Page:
On The ‘Death Of Blogging’ (And Why I’m Not Giving Up Just Yet)

In the space of a few months we’ve gone from hailing blogs as the biggest and most important thing to happen to the media landscape in a generation, to discussing whether the end is nigh and if they’re really the future of content consumption at all. So where is this chatter coming from? Over the last decade blogs, vlogs and social media stars have changed the way we communicate, source information, get our kicks and find inspiration. They provided the ultimate escape from over-airbrushed, over-edited, over-marketed magazines and advertising, instead showing ‘real people’ and bringing their ‘real opinions’ to the forefront; we swapped ultimate glossiness for a sprinkle of reality, but over the last few years the lines have undoubtedly been blurring.

Although it started from a place of realism and provided an antidote to the images that left us collectively feeling less than confident about our appearance, many of these social media darlings are now showcasing the very things that we were challenging: hugely aspirational lifestyles, incredibly over-edited and over-stylised imagery, endorsements and collaborations that are less than authentic and a focus on consumerism over self-care. There may be a resurgence of #relatable and raw content, but fundamentally our industry is at a crossroads; is this an opportunity for us to flourish, or is the death of blogging really upon us?

There’s no doubt that we’re all struggling right now, seeing the negative impact of everything from an Instagram algorithm that prioritises big name content to the fact that comments are at an all time low. With the hundreds of thousands of new pieces of content being published every single day, it’s harder than ever to gain and retain the attention of a core audience; it’s almost impossible to grow without a big break or the endorsement of a super YouTuber, and with thousands of sites offering the same thing we’re all competing for the same campaigns and brand relationships. I’m not gonna lie – it’s bloody hard.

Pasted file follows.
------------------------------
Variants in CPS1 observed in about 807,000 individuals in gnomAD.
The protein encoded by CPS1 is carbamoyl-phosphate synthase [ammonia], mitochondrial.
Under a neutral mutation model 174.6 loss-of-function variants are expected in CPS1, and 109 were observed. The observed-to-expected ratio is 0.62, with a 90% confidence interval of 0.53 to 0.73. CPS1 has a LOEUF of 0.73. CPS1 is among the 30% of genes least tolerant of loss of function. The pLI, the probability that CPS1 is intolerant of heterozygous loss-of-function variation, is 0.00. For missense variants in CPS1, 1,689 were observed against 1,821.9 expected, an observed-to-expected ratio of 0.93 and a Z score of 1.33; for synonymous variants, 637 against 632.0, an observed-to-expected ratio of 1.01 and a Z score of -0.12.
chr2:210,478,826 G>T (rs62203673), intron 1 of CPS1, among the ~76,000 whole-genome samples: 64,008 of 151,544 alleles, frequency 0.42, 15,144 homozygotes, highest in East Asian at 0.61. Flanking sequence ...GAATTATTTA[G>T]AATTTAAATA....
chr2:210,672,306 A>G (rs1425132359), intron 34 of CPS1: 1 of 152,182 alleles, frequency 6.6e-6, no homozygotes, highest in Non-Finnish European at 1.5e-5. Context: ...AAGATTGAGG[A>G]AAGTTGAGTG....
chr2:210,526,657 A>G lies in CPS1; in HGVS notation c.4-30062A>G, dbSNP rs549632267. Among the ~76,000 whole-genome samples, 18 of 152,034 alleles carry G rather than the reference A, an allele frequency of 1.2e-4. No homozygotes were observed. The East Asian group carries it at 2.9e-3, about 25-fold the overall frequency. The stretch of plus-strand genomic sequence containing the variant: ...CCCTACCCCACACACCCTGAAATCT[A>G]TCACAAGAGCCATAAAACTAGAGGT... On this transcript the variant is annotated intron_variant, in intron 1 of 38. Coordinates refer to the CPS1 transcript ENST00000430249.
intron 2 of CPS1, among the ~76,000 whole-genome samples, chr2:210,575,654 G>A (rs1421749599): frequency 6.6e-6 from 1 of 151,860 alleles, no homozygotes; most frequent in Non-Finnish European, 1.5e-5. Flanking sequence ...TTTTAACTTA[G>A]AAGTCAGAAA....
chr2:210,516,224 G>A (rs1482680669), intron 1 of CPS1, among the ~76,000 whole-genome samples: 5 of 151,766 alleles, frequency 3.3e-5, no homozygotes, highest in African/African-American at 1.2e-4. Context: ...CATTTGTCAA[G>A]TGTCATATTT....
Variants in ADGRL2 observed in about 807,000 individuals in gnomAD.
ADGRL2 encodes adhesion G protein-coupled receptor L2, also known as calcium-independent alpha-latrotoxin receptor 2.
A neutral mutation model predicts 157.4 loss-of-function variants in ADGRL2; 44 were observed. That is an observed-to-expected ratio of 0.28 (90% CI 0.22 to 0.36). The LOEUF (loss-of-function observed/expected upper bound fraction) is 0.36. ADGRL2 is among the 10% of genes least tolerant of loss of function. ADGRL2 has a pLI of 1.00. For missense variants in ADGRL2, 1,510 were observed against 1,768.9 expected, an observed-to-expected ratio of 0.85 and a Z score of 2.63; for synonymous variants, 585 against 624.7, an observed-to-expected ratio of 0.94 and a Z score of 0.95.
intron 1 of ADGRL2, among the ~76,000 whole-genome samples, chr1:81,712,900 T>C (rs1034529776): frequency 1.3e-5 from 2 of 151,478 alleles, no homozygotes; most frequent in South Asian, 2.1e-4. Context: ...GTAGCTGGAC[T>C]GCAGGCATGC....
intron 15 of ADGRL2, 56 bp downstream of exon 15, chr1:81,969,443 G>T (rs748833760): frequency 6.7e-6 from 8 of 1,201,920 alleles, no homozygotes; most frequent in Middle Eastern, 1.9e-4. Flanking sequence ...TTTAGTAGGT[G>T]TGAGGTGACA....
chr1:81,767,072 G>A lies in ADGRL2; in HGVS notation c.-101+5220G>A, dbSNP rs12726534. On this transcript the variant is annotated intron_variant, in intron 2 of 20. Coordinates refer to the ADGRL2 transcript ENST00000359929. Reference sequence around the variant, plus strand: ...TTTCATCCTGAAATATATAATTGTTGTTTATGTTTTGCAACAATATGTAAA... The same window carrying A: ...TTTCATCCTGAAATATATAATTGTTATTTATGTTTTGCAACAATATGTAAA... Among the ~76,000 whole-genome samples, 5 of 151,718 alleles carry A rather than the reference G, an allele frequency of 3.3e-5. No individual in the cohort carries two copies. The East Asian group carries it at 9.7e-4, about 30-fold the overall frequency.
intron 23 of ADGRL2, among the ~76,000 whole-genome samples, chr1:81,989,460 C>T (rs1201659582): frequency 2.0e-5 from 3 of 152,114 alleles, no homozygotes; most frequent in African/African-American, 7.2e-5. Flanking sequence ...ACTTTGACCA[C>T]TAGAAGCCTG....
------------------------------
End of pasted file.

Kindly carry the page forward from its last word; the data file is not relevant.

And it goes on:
I’ve definitely noticed a drop in my following, general stats and engagement across all platforms over the last twelve months, and after eight years of building a brand it’s painful to witness. Admittedly I have reduced my content production by about a third overall (and completely re-branded,) but I definitely lose more than I gain – and I’m not alone. I hear more and more than bloggers are hemorrhaging followers, losing a big percentage of their monthly hits and falling from the attention of readers they’ve had supporting them for years.

But you know what? It’s no reason to panic.

The truth is, people’s habits have evolved; their attention has fragmented and the way they consume information online is completely different to only a few years ago. We no longer spend hours devouring our favourite sites, or researching the latest mascara launch – instead we flick, we scroll, we like, we share, but we don’t necessarily take the time to support in the way that we once did. We’re overwhelmed with information and opinion, so we have to pick and choose. Although I still read a tonne of different blogs and follow hundreds of different bloggers, as a reader I know it’s often easier to refine your reading list and click only when you have a spare few minutes waiting in the Starbucks queue on your lunch break. (I swear I consume most content while waiting for coffee.)

The growth of platforms including Snapchat, Insta Stories and Facebook Live have enabled us to deliver and consume content in the moment with a sense of immediacy about it; often we don’t have the patience to devour a full magazine, in the same way we don’t always want to read a 1000 word article on how to style up a trench coat, but we will take a quick look at the pictures. Instagram has become such a huge focus for so many (because of our desire for photographs that tell a story,) that they’re practically ditching their home-grown sites altogether – but in my opinion that’s not a long-term way to future-proof your brand, or your income.

Although the grid is hot right now, we know there are more problems with Instagram than there are with the Brexit strategy; Snapchat lost millions of dollars off its value and lost users quicker than the Titanic sank after Kylie Jenner and Rihanna expressed their lack of support for the platform; YouTubers have been vocal about the restrictions placed upon them to monetise their sites (or even get their content seen,) while Facebook is being pulled apart for effectively letting their users data be sold to the highest bidder. These sites have a purpose and value yes, but we don’t own them and we don’t have control about what happens next – all it takes is for a new algorithm or media storm to render our content practically invisible, but with your own blog you will *always* retain authority.